4 Holiday Traditions with Major Social Lessons

In the blink of an eye, it’s holiday time again. As we all bundle up to face the December chill, families everywhere have got the holidays on their minds. For many of us, that means hot chocolate, plenty of sweets, and of course, hours spent scouring the mall or the internet in order to find the perfect gifts for each member of the family. What you may not have thought of is that this time of year has lots of great opportunities to teach social lessons, which can help your child improve socially.

We know, we know—with all you’ve got going on this time of year, it’s difficult (or flat out insane) to think about adding anything else to your plate. That’s why we made sure that the tips in this article wouldn’t ask you to do anything outside of your usual holiday routine. We’re simply suggesting some ways to get your children involved with traditional holiday activities, and some social lessons to keep in mind as you do. Take a look:

1.    Pick the Perfect Present. We’re not talking about having them choose their own gifts. We know they’ve probably been keeping a wish list for weeks already, if not months! But having your child select a present for someone else in the family can be a great way to practice “perspective taking” and get them considering someone else’s interests and passions, instead of just their own. Even having them pick out just one gift for a sibling or cousin can be a great way to encourage them to think of others. And that’s something they will need to do in life in order to form lasting friendships!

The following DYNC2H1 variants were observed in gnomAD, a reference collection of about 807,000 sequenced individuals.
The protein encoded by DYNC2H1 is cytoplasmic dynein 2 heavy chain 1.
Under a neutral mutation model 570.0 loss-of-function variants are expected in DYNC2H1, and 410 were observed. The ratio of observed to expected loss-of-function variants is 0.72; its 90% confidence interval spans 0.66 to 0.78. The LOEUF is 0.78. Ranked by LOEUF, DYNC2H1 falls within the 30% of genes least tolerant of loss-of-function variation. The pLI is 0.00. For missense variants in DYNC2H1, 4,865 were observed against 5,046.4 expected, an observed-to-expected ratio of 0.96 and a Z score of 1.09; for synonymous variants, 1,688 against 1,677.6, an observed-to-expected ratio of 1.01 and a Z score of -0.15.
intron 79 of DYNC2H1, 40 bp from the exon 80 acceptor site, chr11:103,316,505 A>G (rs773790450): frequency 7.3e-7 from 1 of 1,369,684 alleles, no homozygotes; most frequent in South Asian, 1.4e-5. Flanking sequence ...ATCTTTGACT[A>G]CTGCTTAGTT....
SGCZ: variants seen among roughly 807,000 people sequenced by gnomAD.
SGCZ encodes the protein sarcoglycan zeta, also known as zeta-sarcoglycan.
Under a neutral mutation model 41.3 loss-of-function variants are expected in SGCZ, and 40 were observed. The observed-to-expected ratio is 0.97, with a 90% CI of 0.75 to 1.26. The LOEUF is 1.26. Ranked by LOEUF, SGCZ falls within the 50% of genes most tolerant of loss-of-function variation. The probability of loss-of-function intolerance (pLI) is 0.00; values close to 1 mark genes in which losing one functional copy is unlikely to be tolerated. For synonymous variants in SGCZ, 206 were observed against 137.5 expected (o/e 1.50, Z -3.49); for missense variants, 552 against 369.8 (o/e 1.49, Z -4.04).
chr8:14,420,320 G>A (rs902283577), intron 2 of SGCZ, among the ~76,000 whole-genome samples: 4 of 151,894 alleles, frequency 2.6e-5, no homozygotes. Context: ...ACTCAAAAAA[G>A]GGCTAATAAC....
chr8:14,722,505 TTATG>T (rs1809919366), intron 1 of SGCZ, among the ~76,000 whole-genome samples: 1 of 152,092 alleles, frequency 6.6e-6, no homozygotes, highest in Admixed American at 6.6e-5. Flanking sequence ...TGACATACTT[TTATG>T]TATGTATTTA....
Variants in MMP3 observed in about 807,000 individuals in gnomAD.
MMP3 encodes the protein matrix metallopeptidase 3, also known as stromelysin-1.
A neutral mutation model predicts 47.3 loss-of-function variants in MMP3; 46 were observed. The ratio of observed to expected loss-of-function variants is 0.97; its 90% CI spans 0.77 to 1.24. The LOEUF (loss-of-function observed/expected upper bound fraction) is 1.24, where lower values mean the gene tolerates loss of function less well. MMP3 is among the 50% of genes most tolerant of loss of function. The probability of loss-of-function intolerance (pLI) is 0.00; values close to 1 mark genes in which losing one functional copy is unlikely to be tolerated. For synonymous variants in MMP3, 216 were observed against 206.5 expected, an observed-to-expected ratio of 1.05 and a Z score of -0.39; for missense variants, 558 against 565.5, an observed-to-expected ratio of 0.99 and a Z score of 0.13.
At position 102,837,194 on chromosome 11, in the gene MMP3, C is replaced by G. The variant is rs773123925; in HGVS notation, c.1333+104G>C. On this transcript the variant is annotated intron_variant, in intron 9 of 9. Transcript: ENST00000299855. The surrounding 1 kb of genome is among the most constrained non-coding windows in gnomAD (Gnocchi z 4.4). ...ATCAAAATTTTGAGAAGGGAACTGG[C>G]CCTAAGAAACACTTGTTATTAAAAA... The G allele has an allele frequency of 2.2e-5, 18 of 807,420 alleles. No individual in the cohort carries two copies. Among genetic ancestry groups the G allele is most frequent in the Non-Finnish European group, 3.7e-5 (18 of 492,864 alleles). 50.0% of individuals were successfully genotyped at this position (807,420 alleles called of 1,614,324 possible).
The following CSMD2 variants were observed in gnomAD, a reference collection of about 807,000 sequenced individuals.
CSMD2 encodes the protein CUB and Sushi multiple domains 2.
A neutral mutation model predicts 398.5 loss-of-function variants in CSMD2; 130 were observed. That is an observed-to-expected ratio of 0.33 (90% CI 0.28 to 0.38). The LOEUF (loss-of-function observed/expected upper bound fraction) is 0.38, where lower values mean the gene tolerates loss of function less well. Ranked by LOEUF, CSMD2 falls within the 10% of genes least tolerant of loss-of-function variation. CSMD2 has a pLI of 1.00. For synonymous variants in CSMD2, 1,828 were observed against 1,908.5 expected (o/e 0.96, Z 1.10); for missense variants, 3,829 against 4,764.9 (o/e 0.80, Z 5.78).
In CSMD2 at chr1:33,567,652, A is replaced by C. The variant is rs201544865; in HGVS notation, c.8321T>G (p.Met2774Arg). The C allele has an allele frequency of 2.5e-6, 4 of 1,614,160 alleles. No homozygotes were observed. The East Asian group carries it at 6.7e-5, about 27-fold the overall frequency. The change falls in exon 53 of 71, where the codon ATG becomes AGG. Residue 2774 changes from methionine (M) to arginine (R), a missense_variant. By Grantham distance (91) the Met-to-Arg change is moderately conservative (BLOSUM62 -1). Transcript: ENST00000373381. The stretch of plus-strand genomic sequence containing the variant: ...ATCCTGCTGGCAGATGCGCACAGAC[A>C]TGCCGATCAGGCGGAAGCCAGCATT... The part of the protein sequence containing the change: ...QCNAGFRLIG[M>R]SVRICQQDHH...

2.    Make a Heartfelt Holiday Card. The holidays are the perfect time of year to remind your loved ones that they are cared about, and holiday cards are a fun way to go about it. Instead of filling out all the cards yourself this year, have your child write a message to a few of your relatives. Encourage him/her to say more than “happy holidays,” and let the person they’re writing to know how they are appreciated. This is a good way to get them in the habit of recognizing and appreciating the positive relationships in their lives.

3.    Create a Calendar of Festivities. Get organized while helping your child by planning the season’s festivities on a calendar. Mark off the weekends you will use for decorating, baking, shopping, etc. When it comes time for each activity, have your child cross it off the calendar. This will help your child to practice patience and planning, which are both important skills needed for a happy social life.

4.    Consider Those In Need. The holidays are a time for giving, and many people choose to use this time to donate to different charities and causes. This year, involve your child in the process. Let him/her help you decide which cause you want to donate to this year. If you’ve already got something in mind, your child can still help you choose or package the goods you will donate.  Friendship often calls for us to be kind to one another without expecting anything in return, and giving to charity is the perfect way to teach that lesson.

We know this time of year is hectic to say the least, and that you’ve got tons of different things competing for your attention. But if you keep in mind the social lessons that your holiday routine presents, you can make this year’s traditions especially meaningful for your child.


Isa Marrs is the Founder and Executive Director of the Where I Can Be Me® social skills program. She is a board-certified speech-language pathologist who specializes in pragmatic language (social skills) disorders in children. Read More